C++ std::stringstream not accepting chars?

Discussion in 'Computer Programming, Emulation, and Game Modding' started by StackMasher, May 9, 2017.

  1. StackMasher
    OP

    StackMasher GBAtemp Regular

    Member
    2
    Nov 29, 2016
    Here's my function:
    Code:
    const char* getToken(std::ifstream& input) {
        std::stringstream buffer;
        char curChar;
        bool inString = false;
       
        //Get rid of any leading whitespace
        while (input.peek() == ' ') {
            input >> curChar;
        }
       
        //Extract the token
        while (true) {
            input >> curChar;
           
            if (!inString && ( curChar == ' ' || curChar == '\n' || input.eof() == true )) {
                break;
            }
            else if (curChar == '"') {
                inString = !inString;
            }
           
            buffer << curChar;
        }
       
        char* toReturn = new char[buffer.width() + 1];
        buffer.seekg(0,std::ios::beg);
        for (int i{}; i<buffer.width(); ++i) {
            buffer >> toReturn[i];
        }
        toReturn[buffer.width()] = '\0';
        return toReturn;
    }
    the string this function returns is empty, and buffer returns 0 as it's width
     
  2. souler92
    This message by souler92 has been removed from public view by raulpica, May 9, 2017, Reason: Shitposting -rp.
    May 9, 2017
  3. evandixon

    evandixon PMD Researcher

    Member
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    May 29, 2009
    United States
    Try buffer.str().c_str()
     
  4. StackMasher
    OP

    StackMasher GBAtemp Regular

    Member
    2
    Nov 29, 2016
    nope, same results
    Code:
    char* toReturn = new char[strlen(buffer.str().c_str()) + 1];
    strcpy((char*)buffer.str().c_str(), toReturn);
    return toReturn;
    I've also tried directly returning buffer.str().c_str(), and that doesn't work either
     
  5. GerbilSoft

    GerbilSoft GBAtemp Addict

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    Mar 8, 2012
    United States
    You may want to change the return type to std::string and return buffer.str().

    stringstream::width() doesn't do what you think it does. That returns the width parameter for the next added object, i.e. for formatting. It doesn't return the length of the string.
     
  6. sarkwalvein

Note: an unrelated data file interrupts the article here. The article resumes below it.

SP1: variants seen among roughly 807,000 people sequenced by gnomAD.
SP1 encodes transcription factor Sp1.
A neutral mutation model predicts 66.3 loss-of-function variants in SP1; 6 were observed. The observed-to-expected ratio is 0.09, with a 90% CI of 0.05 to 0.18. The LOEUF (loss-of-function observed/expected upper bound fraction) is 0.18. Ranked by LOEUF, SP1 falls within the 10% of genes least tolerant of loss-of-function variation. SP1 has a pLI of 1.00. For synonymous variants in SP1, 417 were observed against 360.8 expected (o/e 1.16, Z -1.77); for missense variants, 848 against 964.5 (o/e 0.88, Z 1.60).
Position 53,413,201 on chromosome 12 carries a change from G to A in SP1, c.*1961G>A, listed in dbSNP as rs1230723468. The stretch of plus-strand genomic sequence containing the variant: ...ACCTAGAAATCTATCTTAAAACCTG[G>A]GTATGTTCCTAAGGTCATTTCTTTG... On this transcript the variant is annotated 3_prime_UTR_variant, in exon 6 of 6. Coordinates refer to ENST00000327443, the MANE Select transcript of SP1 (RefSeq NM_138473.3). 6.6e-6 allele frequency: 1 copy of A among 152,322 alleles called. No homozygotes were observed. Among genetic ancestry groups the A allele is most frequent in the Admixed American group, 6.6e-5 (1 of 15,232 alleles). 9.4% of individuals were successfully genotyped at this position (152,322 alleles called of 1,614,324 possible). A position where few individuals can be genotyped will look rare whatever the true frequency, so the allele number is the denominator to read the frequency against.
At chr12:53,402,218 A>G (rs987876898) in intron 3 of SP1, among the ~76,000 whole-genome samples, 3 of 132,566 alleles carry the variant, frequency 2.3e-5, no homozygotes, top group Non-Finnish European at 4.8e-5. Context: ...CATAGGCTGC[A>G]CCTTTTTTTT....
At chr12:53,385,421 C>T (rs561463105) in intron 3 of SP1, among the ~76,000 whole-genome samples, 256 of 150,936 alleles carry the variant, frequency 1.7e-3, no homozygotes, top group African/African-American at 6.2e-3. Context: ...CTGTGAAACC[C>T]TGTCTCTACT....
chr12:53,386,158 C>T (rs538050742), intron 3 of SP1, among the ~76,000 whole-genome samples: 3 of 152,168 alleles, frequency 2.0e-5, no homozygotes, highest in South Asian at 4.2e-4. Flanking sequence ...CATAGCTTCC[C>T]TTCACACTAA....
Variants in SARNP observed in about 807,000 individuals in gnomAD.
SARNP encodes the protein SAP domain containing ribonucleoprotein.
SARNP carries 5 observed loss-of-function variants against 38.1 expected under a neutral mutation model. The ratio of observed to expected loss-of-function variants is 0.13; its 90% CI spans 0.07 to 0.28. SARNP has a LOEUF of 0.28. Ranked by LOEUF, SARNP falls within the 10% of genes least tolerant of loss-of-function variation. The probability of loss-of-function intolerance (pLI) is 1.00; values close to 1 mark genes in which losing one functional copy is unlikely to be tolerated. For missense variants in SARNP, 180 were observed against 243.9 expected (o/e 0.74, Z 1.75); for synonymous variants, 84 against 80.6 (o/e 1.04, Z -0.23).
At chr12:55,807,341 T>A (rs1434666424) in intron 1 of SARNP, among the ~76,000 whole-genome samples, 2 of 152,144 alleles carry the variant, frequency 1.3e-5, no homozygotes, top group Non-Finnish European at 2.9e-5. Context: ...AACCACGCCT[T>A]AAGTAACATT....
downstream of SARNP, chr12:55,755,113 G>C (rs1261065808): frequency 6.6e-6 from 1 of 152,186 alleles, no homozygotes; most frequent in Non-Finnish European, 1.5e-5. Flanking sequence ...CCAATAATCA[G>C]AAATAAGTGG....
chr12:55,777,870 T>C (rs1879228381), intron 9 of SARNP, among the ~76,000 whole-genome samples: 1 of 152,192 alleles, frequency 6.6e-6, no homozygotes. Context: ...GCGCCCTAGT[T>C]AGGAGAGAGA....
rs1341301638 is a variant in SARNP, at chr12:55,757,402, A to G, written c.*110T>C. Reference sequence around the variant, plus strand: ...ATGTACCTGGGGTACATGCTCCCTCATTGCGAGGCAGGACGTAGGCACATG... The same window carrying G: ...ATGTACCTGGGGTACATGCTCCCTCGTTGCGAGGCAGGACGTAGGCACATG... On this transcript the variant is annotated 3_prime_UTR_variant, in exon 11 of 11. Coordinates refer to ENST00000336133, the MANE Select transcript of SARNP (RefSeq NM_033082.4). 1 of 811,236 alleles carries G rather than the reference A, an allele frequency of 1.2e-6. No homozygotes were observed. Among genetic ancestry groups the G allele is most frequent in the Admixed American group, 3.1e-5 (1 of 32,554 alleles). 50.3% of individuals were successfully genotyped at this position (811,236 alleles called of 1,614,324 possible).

sarkwalvein There's hope for a Xenosaga port.

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    WARNING!!!
    strcpy syntax is strcpy(destination, source)
     
  7. StackMasher
    OP

    StackMasher GBAtemp Regular

    Member
    2
    Nov 29, 2016
    OK i've changed the strcpy to a custom for loop and it works now
    Code:
    int strLen = strlen(buffer.str().c_str()) + 1;
    char* toReturn = new char[strLen];
    for (int i{}; i<strLen; ++i) {
        toReturn[i] = buffer.str().c_str()[i];
    }
    Just out of curiosity, why can't you save or pass the pointer that buffer.str().c_str() returns?

    I remember it with the GAS assembly syntax, first src then dest, though I've probably got that wrong because I haven't done assembly in a while
     
    Last edited by StackMasher, May 9, 2017
  8. GerbilSoft

    GerbilSoft GBAtemp Addict

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    Mar 8, 2012
    United States
    The original strcpy might have worked; you just had the parameters reversed.

    If you were trying to return buffer.str().c_str(), that's undefined. buffer is a local variable in the function. c_str() returns a pointer to a temporary string created by the stringstream, so you end up returning a pointer to a temporary object, which gets deleted immediately after returning. The pointer ends up pointing to freed memory.

    Here's what you can and can't do in this case.

    Yes:
    Code:
    {
        string str = buffer.str();
        const char *c_str = str.c_str();
        // do stuff with c_str within this function, e.g.:
        cout << "c_str == " << c_str << endl;
    }
    
    You first save the string object to a local variable, then take the c_str() pointer from the str. This works within the same function as long as the original string is in scope. You cannot return c_str, because that will result in a dangling pointer.

    No:
    Code:
    {
        const char *c_str = buffer.str().c_str();
        // BAD! This will result in undefined behavior!
        cout << "c_str might be: " << c_str << endl;
    }
    
    buffer.str() returns a temporary string object. This then calls c_str() to get the C string pointer, but after that's done, the temporary string object is deleted. This results in c_str pointing to nowhere.

    No:
    Code:
    {
        string str = buffer.str();
        const char *c_str = str.c_str();
        return c_str; // BAD: str is deleted after returning
    }
    
    str is deleted after returning, so the returned c_str pointer is pointing nowhere.
     
    Last edited by GerbilSoft, May 9, 2017
    StackMasher likes this.
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